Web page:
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The Balancing Act of a Single Life and Parent Life
 
 
The Balancing Act of a Single Life and Parent Life
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For just about everyone, life is a balancing act. For single parents, it can be even more challenging. How does one keep it all together?

Following a consistent routine is important, but when you're a parent (particularly a single parent with no partner to fall back on), that's not always possible. Children have last-minute needs, become ill, or have last-minute schedule changes. Add to that the parent's own needs, illnesses, and schedule changes, and you've got a plate that's not only full, it's overflowing! This article will explore some of the balancing challenges single parents face, ways to help ease the stress, and cope with various situations.

We'll begin by discussing what children need most from a parent.

Parent or friend – what do children need most?

When children are small, parents typically play games with them, share "secrets," and provide a safe and secure confidante. As children approach their teen years, however, many parents "back off" from their friendship role and become more aloof and strict.

Many people have the idea that parents cannot be both "parent" and "friend" to their child. This is incorrect. Being both friend and parent to your pre-teen and teen child is not only possible, it's preferable for both you and your child.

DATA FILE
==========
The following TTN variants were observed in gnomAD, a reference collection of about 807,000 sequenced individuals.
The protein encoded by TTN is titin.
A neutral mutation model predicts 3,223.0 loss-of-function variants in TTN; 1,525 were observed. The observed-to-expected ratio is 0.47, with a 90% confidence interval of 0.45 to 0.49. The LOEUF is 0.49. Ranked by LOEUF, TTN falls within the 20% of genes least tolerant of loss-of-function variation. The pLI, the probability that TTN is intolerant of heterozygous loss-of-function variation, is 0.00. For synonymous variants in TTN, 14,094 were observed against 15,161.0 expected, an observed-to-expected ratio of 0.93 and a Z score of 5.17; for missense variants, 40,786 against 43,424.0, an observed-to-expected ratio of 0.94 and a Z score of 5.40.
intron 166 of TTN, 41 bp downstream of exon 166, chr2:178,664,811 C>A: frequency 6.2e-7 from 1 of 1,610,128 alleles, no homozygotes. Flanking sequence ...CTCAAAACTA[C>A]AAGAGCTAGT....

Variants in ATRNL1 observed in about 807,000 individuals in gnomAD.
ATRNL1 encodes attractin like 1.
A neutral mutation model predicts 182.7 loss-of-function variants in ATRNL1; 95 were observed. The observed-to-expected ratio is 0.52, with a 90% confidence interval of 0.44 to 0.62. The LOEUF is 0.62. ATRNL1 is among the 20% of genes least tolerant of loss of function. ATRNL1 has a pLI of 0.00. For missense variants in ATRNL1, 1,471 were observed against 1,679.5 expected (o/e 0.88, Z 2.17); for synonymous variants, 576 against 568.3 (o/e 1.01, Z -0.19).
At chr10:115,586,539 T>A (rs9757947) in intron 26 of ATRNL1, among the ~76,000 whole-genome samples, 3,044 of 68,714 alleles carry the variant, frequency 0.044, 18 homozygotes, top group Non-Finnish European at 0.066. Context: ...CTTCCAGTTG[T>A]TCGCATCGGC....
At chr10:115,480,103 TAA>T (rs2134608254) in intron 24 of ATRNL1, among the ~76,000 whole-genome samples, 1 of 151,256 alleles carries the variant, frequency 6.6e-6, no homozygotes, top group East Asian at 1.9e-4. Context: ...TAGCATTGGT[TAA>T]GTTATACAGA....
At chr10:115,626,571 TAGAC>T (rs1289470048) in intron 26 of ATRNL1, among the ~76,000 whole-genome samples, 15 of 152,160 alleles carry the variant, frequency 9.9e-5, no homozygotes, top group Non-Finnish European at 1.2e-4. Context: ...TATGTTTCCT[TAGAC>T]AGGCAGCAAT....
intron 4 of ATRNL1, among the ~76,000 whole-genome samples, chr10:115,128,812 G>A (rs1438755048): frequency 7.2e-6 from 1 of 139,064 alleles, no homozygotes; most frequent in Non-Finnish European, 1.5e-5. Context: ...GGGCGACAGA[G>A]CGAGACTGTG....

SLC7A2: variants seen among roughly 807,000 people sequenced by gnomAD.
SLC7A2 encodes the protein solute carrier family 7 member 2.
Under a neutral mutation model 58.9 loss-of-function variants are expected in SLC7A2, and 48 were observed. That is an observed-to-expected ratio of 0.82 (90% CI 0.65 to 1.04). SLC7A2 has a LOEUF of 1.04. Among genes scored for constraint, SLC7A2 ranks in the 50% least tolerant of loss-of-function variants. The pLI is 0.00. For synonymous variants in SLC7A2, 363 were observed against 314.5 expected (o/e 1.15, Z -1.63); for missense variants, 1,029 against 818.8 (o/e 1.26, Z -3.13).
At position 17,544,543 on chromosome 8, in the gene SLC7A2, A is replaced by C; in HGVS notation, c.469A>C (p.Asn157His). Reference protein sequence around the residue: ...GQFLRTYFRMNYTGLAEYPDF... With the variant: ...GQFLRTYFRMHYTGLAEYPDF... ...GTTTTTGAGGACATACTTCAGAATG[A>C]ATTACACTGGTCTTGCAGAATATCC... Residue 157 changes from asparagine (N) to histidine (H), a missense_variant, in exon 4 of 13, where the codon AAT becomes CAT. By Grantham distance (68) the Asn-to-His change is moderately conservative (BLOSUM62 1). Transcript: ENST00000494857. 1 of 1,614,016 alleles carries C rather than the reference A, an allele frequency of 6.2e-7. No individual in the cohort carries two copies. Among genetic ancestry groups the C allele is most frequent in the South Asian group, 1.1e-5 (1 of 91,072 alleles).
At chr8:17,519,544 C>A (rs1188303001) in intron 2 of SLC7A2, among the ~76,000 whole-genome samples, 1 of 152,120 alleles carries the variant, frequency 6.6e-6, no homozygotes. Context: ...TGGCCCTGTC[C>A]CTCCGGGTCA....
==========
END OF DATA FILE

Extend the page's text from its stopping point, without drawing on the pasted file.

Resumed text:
In her book "Parenting Is a Contact Sport - 8 Ways to Stay Connected to Your Kids for Life", Joanne Stern, Ph.D. states there is no conflict between the roles of friend and parent; it is "a parenting myth that needs to be debunked." She goes on to say that an approachable, accessible parent who has their child's best interests at heart facilitates a close bond (friendship). Additionally, you and your child will respect one another, so discipline and boundaries are more likely to be adhered to, making things easier and less stressful for everyone.

Think back for a moment to your own teen years. Chances are, they were exciting, scary, confusing, and complicated. All your friends were as scared and confused as you were. Well, your child's peers know about as much as your child does about life. You, on the other hand, have life experience and helpful information to share. Approaching this in "parent" mode may come across as "I know better than you do." If, however, you approach your child as a friend would, empathizing and sharing experiences with one another, your child will be more likely to relax, open up, and share with you.

A friendship with your child is deeper than the friendships she or he has with peers -- for with you, there is no worry about jealousy, betrayal, or competition, and your wisdom and more mature life and decision-making skills are a great benefit.

Of course, this cannot happen overnight. Building a friendship with your child, just like cultivating a friendship with anyone else, depends on trust and consistency. You will need to establish trust by being consistent and non-judgmental, starting as soon as possible.